Diamonds are Forever (1971)

In 1971 Sean Connery was coerced one last time (Never Say Never Again notwithstanding) into the role that made him rich, famous, and by this time, fat. Luckily, his added weight lends itself perfectly to Diamonds are Forever as a whole. It’s really an absurdist dark comedy, with the Tom Mankiewicz’s razor sharp dialogue the star of the show (“That’s a nice little nothing you’re almost wearing,” Connery flippantly deadpans at Jill St. John). In terms of plotting, it isn’t fantastic, moving from diamond smuggling to the classic “end of the world” SPECTRE plot without blinking an eye, with a villain who clones himself and dressed up in drag in tow.

Those that take Diamonds are Forever straight up have always bewildered me. Connery’s presence, as powerful as ever, brings that palpable sense of lurking danger to the film, but the events are always so absurd (punctuated by Mankiewicz’s wit) that it never so much as teases with a “thriller” label. It is comedy of the absurd; from 007 “making out” with himself to avoid detection, or falling directly onto a toilet during attempted covert infiltration, if one gag doesn’t hit you, the next will. As hilarious as it is (a highlight being a desert vehicle chase in which Bond flees in an outrageous moon buggy) there is a bizarre darkness blanketing the whole picture (such as the gleeful, menacing, eerie assassins Mr. Wint & Kidd) which gives it a nice, full, unique atmosphere. It might not thrill like From Russia With Love, but Diamonds remains consistently exciting, and Guy Hamilton the perfect director (his knack for the outlandish and bizarre stands unrivaled in the series to this day). Jill St. John, the main Bond girl of the picture, is great, bringing a lively, fiery punch, snapping off every line of Mankiewicz’s dialogue with full attitude and glee.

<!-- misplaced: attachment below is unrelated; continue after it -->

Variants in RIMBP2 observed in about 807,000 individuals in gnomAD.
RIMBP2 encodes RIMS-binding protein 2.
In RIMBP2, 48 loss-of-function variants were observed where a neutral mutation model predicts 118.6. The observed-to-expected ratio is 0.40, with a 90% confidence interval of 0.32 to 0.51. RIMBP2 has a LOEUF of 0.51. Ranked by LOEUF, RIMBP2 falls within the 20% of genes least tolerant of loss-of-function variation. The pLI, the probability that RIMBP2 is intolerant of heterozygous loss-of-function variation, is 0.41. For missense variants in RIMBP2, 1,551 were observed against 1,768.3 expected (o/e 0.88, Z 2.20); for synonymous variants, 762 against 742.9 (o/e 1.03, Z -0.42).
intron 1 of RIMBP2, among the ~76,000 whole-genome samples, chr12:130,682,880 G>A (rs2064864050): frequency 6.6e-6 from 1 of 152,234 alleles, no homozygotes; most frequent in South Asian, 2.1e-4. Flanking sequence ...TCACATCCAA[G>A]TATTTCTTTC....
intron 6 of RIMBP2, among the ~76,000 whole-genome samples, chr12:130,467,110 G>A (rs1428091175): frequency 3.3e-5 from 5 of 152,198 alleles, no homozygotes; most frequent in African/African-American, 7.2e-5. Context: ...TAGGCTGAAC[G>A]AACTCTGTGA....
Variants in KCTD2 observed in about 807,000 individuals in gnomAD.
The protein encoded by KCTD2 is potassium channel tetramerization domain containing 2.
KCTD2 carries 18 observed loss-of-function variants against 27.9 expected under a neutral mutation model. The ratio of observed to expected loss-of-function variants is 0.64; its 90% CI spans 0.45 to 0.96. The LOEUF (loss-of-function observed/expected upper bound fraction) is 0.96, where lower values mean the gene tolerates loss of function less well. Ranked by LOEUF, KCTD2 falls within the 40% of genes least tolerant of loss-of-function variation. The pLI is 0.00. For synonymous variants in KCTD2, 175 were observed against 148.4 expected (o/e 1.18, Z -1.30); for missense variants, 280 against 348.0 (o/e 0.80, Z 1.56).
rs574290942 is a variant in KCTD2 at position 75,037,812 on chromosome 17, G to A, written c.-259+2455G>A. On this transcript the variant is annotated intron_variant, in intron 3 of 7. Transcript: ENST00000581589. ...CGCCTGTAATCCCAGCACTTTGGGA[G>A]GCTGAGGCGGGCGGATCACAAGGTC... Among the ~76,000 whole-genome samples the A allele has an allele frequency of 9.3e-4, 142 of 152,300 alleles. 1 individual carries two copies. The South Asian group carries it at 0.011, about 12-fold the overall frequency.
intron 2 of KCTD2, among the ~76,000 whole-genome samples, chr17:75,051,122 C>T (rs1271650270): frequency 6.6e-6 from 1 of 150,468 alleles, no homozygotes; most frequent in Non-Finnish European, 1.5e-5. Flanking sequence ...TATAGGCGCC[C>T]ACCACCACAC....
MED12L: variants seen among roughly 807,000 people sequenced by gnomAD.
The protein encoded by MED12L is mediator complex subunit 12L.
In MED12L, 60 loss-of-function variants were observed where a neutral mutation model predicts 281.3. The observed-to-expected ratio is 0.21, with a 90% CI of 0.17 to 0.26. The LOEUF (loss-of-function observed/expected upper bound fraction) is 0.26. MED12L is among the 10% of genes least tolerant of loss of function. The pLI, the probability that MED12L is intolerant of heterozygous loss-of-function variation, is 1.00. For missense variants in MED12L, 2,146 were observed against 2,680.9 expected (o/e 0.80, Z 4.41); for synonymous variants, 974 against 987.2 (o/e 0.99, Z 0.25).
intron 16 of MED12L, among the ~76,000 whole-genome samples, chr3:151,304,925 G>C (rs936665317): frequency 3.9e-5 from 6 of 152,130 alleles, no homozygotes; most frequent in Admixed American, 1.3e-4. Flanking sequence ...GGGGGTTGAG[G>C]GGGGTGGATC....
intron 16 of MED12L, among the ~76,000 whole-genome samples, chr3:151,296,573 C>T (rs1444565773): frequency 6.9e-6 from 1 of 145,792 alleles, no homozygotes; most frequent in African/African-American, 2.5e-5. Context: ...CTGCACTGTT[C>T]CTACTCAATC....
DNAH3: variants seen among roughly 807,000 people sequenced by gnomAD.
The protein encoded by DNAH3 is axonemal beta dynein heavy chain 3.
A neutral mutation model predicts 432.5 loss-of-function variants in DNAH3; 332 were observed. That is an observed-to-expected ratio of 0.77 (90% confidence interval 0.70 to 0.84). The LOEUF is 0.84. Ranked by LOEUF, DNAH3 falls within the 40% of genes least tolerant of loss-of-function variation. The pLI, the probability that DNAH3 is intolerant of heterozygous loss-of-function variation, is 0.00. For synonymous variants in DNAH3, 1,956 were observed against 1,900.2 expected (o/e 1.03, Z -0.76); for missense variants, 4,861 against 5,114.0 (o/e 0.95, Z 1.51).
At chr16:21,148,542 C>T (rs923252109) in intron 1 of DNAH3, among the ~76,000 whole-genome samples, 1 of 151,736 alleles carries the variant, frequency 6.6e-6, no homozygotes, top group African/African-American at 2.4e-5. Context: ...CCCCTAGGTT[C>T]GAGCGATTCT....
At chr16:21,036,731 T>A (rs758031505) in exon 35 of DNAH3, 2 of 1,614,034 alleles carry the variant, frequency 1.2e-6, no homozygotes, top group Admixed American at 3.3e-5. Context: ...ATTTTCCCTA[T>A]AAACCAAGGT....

Although Diamonds does suffer from a fizzling third act (the explosive climax is poorly paced, wholly devoid of any thrills or excitement, and only watchable thanks to John Barry’s as-usual outstanding music) it still remains underrated in the 007 canon. There’s no denying it, this is outrageously campy stuff, but when it is this witty it hardly matters. Connery’s machismo charm and effortless delivery, along with the flashes of macabre darkness, ensure that touches of Ian Fleming’s influence are felt, but this is mostly silly, inconsequential, harmless fun. That said, the more modern 007 installments could learn a thing or two from the sheer sharpness of Diamonds are Forever. It’s the funniest entry in the franchise, with attitude and atmosphere to boot – underrated indeed.

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